Since a few years, The Shift offers its members the opportunity to be challenged by young transitional pioneers. This time, Sodexo asked them to take a critical and constructive look at its sustainability communication. After several exchanges, discussions and research, the Change Makers presented their innovative ideas and 'out of the box' solutions at the last meeting: the CEO Challenge.
A look back at a, in the words of Sodexo, succesful and “refreshing” challenge!
The Challenge and the process
At the beginning of October, three other Change Makers - Judith, Chloe and Bastien - and I heard that we had been selected for this challenge. We all had different backgrounds. Judith is the founder of Foresightee and a strategic communications advisor. Bastien is a serial entrepreneur and founder of a.o. The Changemakery, Take-Care, Impact Valley, Citizenfund and Sharify. Chloé is a sustainability consultant, founder of Green Seeds and Regeneration & Democracy activist. Even though we were expected to provide critical questions, ideas and even solutions, this was also a learning process for me/us. I learned a lot from the other Change Makers, a.o. about the importance of a materiality index in your communication strategy.
On October 19th, through Teams, we were invited to meet some of Sodexo's employees and get more information about the challenge. Sodexo wants employees to be more aware of their consumption choices and, as a consumer, make other choices that serve a more sustainable world, not only during working hours, but also in the hours before and after.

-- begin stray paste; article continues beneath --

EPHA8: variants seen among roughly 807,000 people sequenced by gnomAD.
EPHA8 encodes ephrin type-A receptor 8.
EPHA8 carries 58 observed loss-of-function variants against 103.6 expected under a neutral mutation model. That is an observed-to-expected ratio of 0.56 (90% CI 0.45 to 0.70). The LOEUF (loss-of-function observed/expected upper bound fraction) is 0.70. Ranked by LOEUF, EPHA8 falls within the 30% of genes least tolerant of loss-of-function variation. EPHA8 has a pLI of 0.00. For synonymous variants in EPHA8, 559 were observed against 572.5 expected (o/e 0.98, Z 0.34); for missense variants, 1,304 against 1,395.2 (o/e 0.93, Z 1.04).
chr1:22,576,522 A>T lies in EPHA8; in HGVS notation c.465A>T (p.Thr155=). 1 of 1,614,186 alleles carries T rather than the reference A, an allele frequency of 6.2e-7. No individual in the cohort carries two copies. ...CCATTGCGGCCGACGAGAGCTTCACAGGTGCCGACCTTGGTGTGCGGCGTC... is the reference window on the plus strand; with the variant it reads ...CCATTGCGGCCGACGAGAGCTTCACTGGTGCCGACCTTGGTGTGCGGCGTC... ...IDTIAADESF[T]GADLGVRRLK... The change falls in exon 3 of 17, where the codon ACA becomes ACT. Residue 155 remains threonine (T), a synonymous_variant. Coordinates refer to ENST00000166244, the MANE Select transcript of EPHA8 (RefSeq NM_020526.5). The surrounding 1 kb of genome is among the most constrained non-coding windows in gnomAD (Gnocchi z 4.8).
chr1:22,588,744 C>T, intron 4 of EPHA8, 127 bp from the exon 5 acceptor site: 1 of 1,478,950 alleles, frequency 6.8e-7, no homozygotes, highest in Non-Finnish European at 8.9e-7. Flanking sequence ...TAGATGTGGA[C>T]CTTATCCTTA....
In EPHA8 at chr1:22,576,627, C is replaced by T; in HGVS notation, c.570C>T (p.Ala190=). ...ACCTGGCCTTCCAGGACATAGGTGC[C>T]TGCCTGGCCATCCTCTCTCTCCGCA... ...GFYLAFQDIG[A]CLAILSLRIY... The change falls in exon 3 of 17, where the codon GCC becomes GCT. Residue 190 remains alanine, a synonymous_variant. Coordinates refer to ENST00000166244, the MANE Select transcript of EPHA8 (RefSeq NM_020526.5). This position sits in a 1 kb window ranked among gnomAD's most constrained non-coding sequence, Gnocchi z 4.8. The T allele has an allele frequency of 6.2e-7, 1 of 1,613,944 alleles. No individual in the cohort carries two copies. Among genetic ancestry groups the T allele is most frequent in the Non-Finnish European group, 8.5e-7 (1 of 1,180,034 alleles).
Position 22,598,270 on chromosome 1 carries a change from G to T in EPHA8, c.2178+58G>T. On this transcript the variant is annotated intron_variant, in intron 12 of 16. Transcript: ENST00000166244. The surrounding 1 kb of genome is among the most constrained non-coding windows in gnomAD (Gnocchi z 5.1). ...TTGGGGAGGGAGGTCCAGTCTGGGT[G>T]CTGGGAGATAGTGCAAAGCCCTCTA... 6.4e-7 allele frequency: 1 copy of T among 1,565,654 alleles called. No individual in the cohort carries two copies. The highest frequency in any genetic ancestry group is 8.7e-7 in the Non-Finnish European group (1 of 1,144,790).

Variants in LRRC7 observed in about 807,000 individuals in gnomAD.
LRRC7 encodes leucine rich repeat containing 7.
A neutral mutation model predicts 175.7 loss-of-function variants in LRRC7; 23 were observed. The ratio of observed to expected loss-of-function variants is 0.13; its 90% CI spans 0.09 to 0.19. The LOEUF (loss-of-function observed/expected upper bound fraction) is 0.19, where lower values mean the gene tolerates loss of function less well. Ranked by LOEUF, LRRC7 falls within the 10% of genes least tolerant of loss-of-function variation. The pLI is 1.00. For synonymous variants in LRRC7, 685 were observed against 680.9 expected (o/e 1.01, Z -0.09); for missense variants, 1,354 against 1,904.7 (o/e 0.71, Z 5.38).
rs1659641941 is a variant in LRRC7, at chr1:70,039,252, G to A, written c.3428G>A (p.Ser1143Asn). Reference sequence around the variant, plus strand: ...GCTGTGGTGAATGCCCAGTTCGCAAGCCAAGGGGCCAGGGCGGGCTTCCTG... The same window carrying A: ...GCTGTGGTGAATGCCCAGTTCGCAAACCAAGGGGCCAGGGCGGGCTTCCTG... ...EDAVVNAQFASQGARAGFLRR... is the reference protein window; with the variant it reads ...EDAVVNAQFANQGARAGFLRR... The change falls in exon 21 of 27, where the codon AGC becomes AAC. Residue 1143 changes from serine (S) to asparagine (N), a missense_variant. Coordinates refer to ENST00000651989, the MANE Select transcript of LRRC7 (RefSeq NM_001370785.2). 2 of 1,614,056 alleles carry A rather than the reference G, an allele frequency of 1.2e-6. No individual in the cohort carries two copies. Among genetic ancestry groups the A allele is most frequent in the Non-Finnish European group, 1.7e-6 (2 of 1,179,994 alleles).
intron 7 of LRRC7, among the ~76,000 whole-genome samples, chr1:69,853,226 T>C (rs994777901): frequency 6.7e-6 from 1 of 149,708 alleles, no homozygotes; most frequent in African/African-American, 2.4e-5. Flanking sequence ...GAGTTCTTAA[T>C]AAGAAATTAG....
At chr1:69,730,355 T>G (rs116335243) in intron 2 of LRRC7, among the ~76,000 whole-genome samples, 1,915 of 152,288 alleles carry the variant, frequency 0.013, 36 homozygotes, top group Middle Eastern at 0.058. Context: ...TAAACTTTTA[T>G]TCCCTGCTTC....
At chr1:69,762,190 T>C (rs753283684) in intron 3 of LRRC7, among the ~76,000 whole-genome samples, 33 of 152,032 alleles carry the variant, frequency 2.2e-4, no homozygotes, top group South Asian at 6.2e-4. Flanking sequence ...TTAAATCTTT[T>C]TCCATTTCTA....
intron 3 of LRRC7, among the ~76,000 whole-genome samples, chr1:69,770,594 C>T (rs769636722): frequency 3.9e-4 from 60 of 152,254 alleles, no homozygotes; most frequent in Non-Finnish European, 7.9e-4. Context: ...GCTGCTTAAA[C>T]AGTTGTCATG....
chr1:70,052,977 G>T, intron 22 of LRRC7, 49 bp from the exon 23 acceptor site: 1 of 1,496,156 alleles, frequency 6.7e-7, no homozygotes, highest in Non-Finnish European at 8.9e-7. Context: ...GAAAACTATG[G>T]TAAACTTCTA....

In the following weeks we had more online sessions with Catherine from The Shift and worked on a presentation. On December 11th, we had the honour to present our ideas to the CEO and other key executives of Sodexo Belgium.
The refreshing element that young Change Makers can bring during a CEO challenge is that of the external view. With their questions and ideas, they invite people in a company to step outside their comfort zone to find opportunities in new trends. Oftentimes, the boards of directors is composed of more experienced people, who have tried certain ideas in the past but encountered a lot of resistance at the time. Young people can point out which ideas may now be ripe for implementation. We have talked about digital technology and gamification with digital technology (apps). A few years ago, Belgians were not yet ready to work with QR codes, for example. I remember that we experimented with QR codes with Bold Branders at an event in 2018 after I observed how this was used by many people in East Asia (China, Japan...). Because of this experience, we saw that the use of QR codes was still too new for many Flemish people. In 2020, after my return, I noticed that payconiq and QR codes were more accepted. So a lot has changed in two years time. The entire corona crisis has also paved the way for digital services; more people are becoming familiar with virtual realities. Also, takeaway/delivery services will be more in demand because people now experience the advantage and comfort of them. An idea: Do you want to bring values of sustainability to the family atmosphere? Then you can design takeaway packages full of stories about sustainability.
Innovative thinking and structural obstacles